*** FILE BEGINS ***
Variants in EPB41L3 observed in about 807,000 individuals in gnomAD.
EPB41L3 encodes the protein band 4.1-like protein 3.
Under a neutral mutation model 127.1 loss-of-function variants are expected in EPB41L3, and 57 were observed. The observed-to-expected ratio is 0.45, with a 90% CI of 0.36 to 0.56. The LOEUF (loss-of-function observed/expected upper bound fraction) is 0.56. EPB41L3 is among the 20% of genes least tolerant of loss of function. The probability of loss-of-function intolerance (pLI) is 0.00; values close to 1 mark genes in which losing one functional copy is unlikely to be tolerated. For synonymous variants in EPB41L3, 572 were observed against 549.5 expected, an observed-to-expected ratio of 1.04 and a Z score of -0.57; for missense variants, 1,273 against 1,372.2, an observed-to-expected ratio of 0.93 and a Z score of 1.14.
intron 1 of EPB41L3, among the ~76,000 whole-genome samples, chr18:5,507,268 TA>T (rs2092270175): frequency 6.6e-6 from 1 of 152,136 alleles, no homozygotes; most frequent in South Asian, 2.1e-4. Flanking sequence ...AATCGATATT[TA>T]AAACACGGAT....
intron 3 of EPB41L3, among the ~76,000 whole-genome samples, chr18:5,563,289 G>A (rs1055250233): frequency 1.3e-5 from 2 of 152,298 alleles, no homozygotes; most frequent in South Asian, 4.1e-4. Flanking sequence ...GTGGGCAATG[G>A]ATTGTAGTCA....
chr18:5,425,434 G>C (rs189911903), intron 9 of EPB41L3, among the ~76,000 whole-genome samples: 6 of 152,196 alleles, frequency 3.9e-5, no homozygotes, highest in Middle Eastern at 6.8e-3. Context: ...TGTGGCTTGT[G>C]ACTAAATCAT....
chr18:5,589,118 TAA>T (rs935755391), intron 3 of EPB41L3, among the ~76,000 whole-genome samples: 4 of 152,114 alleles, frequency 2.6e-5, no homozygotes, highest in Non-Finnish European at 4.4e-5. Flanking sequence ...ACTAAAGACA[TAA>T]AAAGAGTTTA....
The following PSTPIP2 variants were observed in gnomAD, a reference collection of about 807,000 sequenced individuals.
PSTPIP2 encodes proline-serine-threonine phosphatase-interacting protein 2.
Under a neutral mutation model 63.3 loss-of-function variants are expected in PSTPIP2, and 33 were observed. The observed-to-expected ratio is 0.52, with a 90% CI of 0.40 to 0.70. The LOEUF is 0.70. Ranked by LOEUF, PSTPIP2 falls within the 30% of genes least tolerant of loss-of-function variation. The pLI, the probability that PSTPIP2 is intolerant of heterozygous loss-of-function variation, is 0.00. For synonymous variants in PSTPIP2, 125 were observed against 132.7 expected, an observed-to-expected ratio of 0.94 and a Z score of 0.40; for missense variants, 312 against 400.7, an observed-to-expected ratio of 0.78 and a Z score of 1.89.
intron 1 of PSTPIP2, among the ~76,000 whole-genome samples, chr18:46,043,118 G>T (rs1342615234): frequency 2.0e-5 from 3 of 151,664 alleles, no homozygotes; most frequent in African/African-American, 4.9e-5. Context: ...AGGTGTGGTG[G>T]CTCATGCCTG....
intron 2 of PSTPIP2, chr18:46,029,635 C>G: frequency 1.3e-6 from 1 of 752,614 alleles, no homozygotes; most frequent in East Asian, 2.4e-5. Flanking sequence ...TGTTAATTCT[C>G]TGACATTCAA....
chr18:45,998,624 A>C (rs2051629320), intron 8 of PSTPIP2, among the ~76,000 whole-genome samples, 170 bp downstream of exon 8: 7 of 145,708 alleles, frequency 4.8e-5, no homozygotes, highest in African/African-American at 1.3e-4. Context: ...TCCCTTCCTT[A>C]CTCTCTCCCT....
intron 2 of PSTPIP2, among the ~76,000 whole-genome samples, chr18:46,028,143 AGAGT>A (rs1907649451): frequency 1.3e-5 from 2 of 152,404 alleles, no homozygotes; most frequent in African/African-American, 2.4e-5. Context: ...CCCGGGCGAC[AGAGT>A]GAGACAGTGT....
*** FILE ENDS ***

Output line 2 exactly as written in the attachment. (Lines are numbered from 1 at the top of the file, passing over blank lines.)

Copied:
EPB41L3 encodes the protein band 4.1-like protein 3.